Nef proteins of primate lentiviruses, HIV-1, HIV-2 and SIV, are abundantly expressed in the early phase of HIV-1 infection and play a crucial role in the pathogenicity of HIV-1 and the development of AIDS [1-8]. One prominent piece of evidence is that HIV-1 strains isolated from some long-term survivors carried deletions or truncations of nef exclusively [9,10]. The pathological roles of Nef in the development of AIDS have been attributed to several Nef biological activities, including downregulation of the viral primary receptor CD4  and downregulation of the cell surface expression of class-I major histocompatibility complex (MHC-I) [12,13]. Nef also affects T cell activation and apoptosis in favor the viral replication by engaging several signaling molecules, such as Vav, Pak2, ASK1 and Src family kinases [14-18] (for reviews, see [19,20]). Nef has no known catalytic activity; it acts essentially as a connector to link CD4, MHC-I, and possibly some other target molecules to adaptor protein (AP) complexes AP-1, AP-2 or AP-3, responsible for the endocytosis and subsequent lysosomal degradation of Nef's targets. We found that Nef-mediated CD4 downregulation is AP-2 dependent and required an ubiquitinated lysine residue K144 in HIV-1 Nef [21,22]. The structure of HIV-1 Nef has been established by NMR and X-ray crystallography [23-25] (see  for a review). HIV-1 Nef protein consists of a conserved core domain of about 120 residues and two flexible regions - the N-terminus 68 amino acids flexible arm and a 32 amino acid loop structure (V148-L181) located in the C-terminal region. The HIV protease cleavage site C55AW57LEA  and CD4 binding motif (A56W57L58)  are located in Nef N-terminal region. Nef is myristoylated at a Gly residue (G2) in the N-terminus, which mediates the membrane association of Nef . The core domain is a α-β globular structure responsible for Nef binding to SH3 domain-containing proteins [16,30,31]. The loop in the C-terminal region contains the dileucine motif ExxxLL160, which interacts with adaptor protein complexes AP-1, 2, 3 [32-34].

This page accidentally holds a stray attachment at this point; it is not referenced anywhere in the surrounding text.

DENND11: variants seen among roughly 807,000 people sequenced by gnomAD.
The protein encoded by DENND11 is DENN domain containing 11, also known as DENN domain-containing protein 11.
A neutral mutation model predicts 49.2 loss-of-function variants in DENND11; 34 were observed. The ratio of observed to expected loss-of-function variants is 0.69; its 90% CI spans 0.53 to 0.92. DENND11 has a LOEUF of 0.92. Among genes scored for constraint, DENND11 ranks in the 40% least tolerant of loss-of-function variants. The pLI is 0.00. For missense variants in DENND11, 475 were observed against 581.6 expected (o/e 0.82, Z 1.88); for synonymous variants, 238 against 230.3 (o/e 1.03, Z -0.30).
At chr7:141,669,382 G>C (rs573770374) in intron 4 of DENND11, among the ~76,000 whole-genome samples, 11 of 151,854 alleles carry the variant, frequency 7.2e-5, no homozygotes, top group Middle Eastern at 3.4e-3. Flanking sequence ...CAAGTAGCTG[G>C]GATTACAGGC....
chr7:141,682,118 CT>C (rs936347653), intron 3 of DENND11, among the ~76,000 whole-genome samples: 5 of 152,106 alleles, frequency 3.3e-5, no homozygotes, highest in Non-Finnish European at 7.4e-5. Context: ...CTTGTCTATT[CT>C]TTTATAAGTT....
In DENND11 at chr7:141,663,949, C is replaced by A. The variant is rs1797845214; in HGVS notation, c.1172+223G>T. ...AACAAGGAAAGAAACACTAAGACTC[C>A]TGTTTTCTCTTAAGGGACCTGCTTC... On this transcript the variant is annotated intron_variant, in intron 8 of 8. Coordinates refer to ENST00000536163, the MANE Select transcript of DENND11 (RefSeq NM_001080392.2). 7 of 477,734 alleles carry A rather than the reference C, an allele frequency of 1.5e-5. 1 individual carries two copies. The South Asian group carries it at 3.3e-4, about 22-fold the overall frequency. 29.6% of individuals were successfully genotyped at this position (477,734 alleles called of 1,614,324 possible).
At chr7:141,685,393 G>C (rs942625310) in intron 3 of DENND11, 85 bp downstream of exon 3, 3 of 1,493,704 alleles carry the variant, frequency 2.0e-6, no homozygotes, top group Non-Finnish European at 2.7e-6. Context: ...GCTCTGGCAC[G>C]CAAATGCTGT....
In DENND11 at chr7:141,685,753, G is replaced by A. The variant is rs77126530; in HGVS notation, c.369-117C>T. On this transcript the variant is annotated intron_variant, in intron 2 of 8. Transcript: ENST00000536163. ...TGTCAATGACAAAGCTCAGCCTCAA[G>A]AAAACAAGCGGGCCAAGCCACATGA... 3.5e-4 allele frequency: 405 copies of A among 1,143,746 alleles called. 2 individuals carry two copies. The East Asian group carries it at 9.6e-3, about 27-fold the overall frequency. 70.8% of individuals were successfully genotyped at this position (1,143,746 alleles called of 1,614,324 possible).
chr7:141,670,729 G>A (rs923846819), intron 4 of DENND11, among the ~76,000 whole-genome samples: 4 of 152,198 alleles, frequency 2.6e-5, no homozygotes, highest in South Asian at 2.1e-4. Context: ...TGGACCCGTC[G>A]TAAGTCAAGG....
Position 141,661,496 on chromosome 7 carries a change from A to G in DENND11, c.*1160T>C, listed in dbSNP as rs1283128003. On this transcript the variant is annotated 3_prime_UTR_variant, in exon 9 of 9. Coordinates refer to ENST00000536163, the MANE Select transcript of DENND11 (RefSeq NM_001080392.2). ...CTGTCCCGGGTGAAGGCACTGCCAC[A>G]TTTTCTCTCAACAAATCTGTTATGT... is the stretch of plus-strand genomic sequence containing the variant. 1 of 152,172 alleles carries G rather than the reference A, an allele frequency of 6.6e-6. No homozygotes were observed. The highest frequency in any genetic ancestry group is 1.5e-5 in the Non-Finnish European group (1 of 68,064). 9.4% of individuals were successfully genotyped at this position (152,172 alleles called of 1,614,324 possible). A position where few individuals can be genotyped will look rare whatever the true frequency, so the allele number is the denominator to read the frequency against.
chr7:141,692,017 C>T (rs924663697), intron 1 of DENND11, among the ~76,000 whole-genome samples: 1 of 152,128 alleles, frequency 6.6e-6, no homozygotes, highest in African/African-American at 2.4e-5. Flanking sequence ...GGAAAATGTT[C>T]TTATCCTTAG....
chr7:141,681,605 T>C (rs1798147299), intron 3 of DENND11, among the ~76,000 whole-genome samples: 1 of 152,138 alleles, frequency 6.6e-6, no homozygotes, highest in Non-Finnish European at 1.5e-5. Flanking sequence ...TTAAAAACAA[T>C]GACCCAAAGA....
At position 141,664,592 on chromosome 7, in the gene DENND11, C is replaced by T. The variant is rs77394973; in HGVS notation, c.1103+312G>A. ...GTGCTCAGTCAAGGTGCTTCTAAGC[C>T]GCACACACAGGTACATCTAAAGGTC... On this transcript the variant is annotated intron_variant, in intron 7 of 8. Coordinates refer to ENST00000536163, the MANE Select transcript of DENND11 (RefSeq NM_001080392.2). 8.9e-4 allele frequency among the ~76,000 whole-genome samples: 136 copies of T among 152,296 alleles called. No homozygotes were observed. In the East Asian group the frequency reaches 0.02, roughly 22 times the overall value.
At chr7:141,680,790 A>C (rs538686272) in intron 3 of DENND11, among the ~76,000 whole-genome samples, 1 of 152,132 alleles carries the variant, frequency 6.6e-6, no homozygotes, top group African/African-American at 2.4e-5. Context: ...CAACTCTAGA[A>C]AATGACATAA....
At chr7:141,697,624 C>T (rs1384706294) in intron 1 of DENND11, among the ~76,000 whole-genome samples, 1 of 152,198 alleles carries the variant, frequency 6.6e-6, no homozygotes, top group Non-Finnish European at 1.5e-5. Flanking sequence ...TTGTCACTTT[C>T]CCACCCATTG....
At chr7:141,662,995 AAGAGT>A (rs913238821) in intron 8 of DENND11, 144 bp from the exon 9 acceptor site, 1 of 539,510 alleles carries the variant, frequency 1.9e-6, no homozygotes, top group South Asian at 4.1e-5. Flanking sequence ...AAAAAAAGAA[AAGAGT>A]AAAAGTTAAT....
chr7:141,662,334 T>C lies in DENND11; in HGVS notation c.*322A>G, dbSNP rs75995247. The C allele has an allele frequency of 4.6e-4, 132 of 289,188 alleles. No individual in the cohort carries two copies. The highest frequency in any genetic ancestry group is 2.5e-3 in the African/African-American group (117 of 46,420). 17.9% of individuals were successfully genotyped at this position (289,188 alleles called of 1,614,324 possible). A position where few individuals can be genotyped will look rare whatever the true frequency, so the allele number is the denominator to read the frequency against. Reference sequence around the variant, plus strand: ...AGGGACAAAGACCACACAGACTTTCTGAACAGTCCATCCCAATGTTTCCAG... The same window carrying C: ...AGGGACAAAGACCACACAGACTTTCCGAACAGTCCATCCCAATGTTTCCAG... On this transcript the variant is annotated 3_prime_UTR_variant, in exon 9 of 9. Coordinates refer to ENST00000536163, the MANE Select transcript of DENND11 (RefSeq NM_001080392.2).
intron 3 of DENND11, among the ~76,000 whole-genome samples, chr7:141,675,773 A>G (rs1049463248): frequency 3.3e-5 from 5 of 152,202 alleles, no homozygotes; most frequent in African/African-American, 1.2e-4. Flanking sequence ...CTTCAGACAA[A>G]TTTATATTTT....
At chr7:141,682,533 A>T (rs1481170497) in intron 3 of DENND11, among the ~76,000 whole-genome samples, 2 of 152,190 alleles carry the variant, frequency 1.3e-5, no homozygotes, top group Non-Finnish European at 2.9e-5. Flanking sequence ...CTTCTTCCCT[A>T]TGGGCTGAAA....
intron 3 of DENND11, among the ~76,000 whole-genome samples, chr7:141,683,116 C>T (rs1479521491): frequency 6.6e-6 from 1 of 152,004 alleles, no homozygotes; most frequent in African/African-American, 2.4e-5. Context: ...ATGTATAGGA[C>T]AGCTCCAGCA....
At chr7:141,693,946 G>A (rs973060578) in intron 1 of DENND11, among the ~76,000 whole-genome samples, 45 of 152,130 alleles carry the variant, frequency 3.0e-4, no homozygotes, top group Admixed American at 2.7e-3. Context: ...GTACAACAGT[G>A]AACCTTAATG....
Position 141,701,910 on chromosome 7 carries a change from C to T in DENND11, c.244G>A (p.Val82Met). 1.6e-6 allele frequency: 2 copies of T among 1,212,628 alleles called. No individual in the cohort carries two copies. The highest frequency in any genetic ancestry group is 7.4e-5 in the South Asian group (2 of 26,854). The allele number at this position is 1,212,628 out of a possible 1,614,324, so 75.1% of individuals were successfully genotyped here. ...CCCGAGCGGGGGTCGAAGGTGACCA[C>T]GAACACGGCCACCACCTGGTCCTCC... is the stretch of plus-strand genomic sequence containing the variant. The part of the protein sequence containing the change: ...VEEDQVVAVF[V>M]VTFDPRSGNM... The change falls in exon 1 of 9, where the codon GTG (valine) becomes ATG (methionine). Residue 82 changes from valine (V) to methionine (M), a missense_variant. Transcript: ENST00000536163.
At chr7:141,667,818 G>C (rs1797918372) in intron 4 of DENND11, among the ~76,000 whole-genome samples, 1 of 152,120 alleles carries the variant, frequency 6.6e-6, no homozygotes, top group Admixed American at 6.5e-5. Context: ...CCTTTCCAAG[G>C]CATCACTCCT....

TPCK (N-α-p-tosyl-L-phenylalanine chloromethyl ketone) and TLCK (N-α-p-tosyl-L-lysine chloromethyl ketone) are alkylation reagents that can chemically modify side chains of specific His or Cys residues in some proteins. It is known that TPCK modifies His in the reactive center of serine protease chymotrypsin and trypsin, resulting in enzymatic inhibition (EC50 of 20 μM and 80 μM, respectively) [35,36]. TPCK and TLCK also alkylate the sulfhydryl group of the Cys residue in several other proteins, including protein kinase C [37,38], cAMP-dependent kinase [39,40], HPV-18 E7  and human ETS 1 oncoprotein . Alkylation of Cys side chains makes HPV-18 E7  and human ETS 1 oncoprotein  migrate faster on SDS-PAGE.